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With the sentences

Die Eltern konnten nicht mehr schlafen, nachdem das Baby geboren war.

Ihr habt euer Auto beschleunigt, nachdem der Regen gestoppt hatte.

I'm struggling to work out when to use "sein" or "haben" to form the Plusquamperfekt.

I originally would have said

Die Eltern konnten nicht mehr schlafen, nachdem das Baby geboren hat.

i.e. "the parents could not sleep anymore, after the baby had been born"

What reasoning is there to choose between "sein" or "haben"?

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Gebären (Perfect particile: geboren) is transitive. Because of this, combining sein and the perfect participle gives you passive (Zustandspassiv, to be accurate), not Perfekt or Plusquamperfekt.

Which is what you want here. It's the same as in English: You say that a baby is born, not that is has born. That's what "Das Baby hat geboren" means, which is obviously wrong.

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The verb gebären builds its Perfekt and Plusquamperfekt with the haben auxiliary.

Sie hat gestern einen Jungen geboren. Sie hatte zwei Jahre zuvor ein Mädchen geboren.

So, using war isn't Plusquamperfekt but static passive voice ("Zustandspassiv").

Nachdem sie das Kind geboren hatte gab es eine Feier. (active, pluperfect)

Nachdem das Kind geboren war gab es eine Feier. (static passive, simple past)

Nachdem das Kind geboren gewesen ist gab es eine Feier. (static passive, perfect)

Nachdem das Kind geboren gewesen war gab es eine Feier. (static passive, pluperfect)

Nachdem das Kind von ihr geboren worden war gab es eine Feier. (passive, pluperfect)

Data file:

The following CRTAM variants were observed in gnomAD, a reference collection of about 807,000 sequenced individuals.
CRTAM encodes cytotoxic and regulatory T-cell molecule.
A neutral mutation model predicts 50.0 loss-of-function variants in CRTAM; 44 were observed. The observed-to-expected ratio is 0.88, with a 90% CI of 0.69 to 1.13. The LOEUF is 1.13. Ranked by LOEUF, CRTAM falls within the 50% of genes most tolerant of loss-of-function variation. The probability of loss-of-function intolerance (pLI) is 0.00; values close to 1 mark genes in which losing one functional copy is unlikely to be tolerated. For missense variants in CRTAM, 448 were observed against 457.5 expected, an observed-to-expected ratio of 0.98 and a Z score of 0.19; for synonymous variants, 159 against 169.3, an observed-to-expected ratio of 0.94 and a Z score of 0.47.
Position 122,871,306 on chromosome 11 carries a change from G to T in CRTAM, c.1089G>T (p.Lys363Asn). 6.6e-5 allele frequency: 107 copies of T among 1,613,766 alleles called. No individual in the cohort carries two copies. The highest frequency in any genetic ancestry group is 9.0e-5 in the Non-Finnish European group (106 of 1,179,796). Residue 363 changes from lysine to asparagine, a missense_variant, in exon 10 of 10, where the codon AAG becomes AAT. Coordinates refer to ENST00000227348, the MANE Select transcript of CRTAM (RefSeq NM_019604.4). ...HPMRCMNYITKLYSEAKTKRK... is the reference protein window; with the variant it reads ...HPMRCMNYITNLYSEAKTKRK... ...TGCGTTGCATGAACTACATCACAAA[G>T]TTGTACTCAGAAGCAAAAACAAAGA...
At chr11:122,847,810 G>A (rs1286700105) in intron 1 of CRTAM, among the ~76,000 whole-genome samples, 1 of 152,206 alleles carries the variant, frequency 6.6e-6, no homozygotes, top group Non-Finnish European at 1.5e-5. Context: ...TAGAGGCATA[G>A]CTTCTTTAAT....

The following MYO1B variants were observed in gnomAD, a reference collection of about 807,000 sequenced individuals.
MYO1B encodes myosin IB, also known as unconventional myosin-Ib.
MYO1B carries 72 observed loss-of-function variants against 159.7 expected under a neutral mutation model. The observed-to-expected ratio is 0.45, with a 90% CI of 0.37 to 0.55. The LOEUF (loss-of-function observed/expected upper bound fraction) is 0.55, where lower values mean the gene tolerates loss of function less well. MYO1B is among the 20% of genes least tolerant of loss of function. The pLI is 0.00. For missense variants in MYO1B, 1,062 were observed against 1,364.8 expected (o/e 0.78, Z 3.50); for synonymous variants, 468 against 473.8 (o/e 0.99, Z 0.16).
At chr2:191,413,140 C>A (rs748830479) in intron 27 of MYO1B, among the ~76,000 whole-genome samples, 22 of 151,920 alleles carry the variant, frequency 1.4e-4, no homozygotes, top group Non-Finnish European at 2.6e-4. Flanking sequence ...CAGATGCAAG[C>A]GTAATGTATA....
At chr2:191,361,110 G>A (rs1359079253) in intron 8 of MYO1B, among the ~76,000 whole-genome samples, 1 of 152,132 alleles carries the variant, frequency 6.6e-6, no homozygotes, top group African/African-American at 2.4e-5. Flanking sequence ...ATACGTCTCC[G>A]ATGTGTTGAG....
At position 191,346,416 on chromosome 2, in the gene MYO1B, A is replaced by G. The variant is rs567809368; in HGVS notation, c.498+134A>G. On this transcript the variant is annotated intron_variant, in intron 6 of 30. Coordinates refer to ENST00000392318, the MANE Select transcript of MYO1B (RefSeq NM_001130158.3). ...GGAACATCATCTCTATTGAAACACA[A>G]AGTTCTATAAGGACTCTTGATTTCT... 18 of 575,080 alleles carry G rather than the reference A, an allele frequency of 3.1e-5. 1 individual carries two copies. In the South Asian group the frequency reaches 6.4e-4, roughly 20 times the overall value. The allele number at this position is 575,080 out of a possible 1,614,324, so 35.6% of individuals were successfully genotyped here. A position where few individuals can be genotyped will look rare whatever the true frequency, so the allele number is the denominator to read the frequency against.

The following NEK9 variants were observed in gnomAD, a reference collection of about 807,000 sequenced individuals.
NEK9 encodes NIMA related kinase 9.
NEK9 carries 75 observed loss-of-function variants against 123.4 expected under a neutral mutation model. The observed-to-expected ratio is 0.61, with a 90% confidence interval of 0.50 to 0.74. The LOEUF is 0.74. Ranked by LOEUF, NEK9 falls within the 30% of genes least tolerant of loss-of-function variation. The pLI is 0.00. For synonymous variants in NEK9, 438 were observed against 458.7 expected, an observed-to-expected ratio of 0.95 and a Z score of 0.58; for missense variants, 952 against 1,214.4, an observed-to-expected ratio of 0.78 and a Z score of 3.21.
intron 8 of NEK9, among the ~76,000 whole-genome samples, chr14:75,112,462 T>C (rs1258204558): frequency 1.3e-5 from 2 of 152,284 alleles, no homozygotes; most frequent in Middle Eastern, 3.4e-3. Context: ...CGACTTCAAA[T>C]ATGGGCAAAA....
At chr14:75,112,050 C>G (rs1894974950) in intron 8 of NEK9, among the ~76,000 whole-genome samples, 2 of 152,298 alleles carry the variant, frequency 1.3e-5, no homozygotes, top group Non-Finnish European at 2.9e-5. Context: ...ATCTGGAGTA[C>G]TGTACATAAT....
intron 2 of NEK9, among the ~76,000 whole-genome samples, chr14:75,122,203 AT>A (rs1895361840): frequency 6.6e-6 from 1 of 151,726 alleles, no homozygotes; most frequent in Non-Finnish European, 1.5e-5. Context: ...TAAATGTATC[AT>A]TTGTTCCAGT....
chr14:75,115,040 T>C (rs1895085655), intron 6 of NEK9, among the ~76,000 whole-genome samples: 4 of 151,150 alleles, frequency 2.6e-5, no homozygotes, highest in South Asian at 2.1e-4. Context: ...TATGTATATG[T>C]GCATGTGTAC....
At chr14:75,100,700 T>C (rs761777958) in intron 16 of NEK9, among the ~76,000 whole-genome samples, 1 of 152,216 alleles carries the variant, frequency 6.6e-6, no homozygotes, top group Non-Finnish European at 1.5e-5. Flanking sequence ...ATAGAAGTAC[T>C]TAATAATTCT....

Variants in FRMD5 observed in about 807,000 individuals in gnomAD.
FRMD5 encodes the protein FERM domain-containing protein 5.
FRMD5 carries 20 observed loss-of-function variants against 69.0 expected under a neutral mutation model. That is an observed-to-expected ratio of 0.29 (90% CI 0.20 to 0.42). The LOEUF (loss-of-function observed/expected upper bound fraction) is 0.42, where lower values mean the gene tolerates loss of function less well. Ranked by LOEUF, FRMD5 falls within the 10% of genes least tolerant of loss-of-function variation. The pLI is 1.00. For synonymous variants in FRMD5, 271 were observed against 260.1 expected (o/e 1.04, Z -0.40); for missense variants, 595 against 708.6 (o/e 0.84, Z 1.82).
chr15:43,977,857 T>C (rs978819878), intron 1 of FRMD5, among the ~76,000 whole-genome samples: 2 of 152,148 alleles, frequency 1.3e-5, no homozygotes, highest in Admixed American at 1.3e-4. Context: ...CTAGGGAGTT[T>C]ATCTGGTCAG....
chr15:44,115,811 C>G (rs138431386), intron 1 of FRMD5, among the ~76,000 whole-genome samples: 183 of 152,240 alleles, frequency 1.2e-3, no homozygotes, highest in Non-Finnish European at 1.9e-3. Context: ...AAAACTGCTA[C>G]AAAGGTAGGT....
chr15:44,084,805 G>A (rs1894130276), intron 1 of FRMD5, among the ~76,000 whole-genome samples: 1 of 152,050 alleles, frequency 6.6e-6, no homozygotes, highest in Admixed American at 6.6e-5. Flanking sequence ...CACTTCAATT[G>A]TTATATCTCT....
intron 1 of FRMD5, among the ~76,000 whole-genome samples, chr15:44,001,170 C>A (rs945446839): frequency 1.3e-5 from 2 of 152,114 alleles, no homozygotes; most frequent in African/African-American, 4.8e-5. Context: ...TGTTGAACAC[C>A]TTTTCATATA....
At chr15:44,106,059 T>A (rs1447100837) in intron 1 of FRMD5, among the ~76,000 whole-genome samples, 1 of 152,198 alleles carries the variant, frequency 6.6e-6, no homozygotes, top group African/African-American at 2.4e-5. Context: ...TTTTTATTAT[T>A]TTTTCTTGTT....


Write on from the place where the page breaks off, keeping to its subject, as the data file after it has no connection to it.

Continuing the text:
Luckily, most of these forms are completely uncommon. German speakers are sloppy with their use of tenses, even in elaborated code.


For verbs which build their perfect tenses with sein, things are more complicated:

Ich bin ihm gefolgt. (perfect)

Ich war ihm gefolgt. (pluperfect)

Nachdem ich ihm gefolgt war gab es eine Überraschung. (pluperfect)

For these verbs, the Perfekt and Plusquamperfekt forms are indistiguishable from the static passive forms. Again luckily, it's mostly those verbs of movement and state change for which static passive makes no sense. For static passive expressions, there's often another similar verb which builds its perfect with haben:

Ich habe ihn verfolgt. (active, perfect)

Ich bin verfolgt. (static passive, present)

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Die Eltern konnten nicht mehr schlafen, nachdem das Baby geboren * hat.

First price for that one! :-)) Because it means:

The parents couldn't sleep any more after the baby has given birth to ... um ...? :-))

Now, elementary German:

Wann bist du geboren? - Ich? Am 17. Januar 1999.

Wann hast du das erste Mal geboren? VERY odd for: Wann hast du dein erstes Kind bekommen? - Vor 3 Jahren.

In case it's not yet clear: gebären means to give birth (to), just like English to bear and to yean. Thus:

She has born two children. Quite odd for: She has given birth to two children. -> Sie hat zwei Kinder geboren.

I was born on January 17, 1999. -> Common language: Ich bin am 17. Januar 1999 geboren. Very official language: Ich wurde am 17. Januar 1999 geboren.

Might be a bit much at a single blow, but what you should learn, is: Do never ever translate words 1:1 or transfer structures 1:1. The outcome is nearly always disastrous. Except for very elementary structures like The sky is blue. - Der Himmel ist blau.

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